Lower-income households will get more support for their public transport needs after the Government announced a $6 million top-up to the Public Transport Fund to support this year's Public Transport Voucher Exercise.
A record total of 450,000 vouchers, worth $50 each, will be available to these households. This is up from the 300,000 vouchers, worth $30 each, set aside last year.
In addition, one in five households will be able to qualify for public transport vouchers, up from one in 10 previously, following revisions to the eligibility criteria.
The measures aim to help buffer the impact of increased public transport fares on needy commuters.
"The Government will ensure that sufficient assistance is available for commuters in need," the Ministry of Transport said in a statement yesterday.
It said that the public transport vouchers will also benefit eligible lower-wage workers and persons with disabilities.
Under new guidelines, which the Transport Ministry said makes more residents eligible, households with monthly income - from all sources - of not more than $1,200 per person can qualify for the vouchers.
Sources of income could refer to regular employment income, or income from rentals and pensions.
In contrast, under the 2018 Public Transport Voucher Exercise, only households with an income of $1,900 or below, or per capita income of not more than $650, are eligible for the vouchers.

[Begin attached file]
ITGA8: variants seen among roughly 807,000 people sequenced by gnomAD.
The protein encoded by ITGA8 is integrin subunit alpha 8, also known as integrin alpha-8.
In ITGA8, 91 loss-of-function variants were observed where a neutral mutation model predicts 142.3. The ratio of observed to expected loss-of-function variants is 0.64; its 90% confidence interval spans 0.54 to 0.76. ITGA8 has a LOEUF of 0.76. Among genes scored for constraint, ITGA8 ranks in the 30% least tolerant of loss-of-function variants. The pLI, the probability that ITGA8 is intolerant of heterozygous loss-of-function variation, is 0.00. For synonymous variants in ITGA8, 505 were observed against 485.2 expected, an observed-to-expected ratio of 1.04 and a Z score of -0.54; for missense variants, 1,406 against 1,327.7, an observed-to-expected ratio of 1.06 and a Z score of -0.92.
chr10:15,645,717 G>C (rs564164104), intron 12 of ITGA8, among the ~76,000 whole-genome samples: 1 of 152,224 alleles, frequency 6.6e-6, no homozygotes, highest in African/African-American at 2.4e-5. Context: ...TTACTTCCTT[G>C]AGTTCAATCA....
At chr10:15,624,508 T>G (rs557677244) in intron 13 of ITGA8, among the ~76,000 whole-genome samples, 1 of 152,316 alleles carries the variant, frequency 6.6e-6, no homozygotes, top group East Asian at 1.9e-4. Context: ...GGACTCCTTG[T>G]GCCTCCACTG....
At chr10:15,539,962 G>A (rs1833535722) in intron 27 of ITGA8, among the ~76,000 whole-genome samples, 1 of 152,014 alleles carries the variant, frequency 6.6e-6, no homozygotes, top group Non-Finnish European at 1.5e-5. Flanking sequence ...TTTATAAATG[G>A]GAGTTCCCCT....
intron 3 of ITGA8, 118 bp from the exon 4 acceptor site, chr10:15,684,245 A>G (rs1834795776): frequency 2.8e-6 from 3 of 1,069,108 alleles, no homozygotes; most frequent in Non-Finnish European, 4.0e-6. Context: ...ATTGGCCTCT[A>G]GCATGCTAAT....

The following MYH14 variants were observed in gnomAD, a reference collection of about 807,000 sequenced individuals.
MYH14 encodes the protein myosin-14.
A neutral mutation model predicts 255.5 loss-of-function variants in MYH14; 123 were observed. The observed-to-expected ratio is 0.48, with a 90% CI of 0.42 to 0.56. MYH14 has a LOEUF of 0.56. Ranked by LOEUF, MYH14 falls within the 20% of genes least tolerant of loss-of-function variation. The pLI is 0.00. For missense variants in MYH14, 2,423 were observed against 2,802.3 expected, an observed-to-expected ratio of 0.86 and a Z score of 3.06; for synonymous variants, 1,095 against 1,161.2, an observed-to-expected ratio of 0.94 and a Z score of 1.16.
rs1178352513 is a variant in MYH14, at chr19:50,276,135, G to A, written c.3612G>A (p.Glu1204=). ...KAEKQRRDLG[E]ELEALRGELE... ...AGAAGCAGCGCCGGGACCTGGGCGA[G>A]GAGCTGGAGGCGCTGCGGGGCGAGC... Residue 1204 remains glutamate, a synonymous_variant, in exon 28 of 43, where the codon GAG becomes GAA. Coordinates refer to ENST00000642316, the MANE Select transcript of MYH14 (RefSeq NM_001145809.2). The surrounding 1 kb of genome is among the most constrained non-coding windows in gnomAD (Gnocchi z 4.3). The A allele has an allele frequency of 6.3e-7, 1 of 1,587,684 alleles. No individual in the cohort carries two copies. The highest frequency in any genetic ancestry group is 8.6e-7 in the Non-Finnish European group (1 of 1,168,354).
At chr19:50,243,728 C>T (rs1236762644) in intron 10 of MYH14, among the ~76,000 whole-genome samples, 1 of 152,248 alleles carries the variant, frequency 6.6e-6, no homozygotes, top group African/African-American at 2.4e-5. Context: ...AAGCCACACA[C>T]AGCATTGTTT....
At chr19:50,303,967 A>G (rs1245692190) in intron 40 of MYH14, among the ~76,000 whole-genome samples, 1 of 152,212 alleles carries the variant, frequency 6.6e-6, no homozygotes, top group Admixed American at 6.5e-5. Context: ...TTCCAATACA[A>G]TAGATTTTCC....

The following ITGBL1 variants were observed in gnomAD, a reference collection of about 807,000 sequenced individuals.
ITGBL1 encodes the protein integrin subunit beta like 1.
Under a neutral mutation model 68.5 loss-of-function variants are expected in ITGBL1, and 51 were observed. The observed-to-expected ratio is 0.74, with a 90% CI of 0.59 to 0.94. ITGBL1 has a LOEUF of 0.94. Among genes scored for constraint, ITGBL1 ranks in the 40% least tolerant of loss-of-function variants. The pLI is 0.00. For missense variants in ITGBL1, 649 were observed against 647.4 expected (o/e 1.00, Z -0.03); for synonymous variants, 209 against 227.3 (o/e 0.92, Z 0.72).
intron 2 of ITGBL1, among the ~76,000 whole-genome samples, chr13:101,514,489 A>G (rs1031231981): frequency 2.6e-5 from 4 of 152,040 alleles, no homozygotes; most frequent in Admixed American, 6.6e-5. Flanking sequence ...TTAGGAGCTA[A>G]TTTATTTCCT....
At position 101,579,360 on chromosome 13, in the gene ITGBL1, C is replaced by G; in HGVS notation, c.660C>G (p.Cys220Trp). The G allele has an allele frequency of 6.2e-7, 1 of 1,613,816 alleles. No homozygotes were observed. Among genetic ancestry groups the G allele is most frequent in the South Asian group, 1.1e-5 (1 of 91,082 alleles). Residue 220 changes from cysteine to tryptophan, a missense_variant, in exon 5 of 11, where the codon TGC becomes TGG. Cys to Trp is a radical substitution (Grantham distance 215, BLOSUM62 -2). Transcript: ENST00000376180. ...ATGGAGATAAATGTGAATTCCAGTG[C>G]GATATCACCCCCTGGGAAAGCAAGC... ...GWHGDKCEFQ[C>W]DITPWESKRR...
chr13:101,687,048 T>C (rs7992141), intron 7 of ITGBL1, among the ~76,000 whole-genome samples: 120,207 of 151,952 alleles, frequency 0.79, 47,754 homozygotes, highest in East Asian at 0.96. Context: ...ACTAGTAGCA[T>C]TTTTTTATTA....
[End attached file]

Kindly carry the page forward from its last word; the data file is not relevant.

The 2018 exercise, which commenced on Nov 12 last year, will remain open for applications until the end of this month.
The next cycle with the $50 vouchers will start from Nov 11 this year and end on Oct 31 next year.
Those who qualify for the vouchers can apply for them at their local community centre or club.
Mr Ang Hin Kee, an MP for Ang Mo Kio GRC and deputy chairman of the Government Parliamentary Committee for Transport, told The Straits Times: "My primary concern is with workers who may have to deal with higher costs.
"This has been mitigated by higher transport voucher quantum and eligibility."
Lower-wage workers will also get a 25 per cent discount off adult fares on public transport, up from 20 per cent.
The Transport Ministry said this will help keep average fares for them below 2015 levels.
Transport economist Walter Theseira said the way the fare increase was buffered for needy commuters suggested a move towards differentiated fares.
Associate Professor Theseira said: "The idea behind differentiated fares is that people who have the ability to pay will pay a bit more. And for those more vulnerable groups, the fare increase will be held down more.
"This is a good idea because we only have so much money to subsidise the system, and it makes sense to spend more of the subsidies on more vulnerable commuters."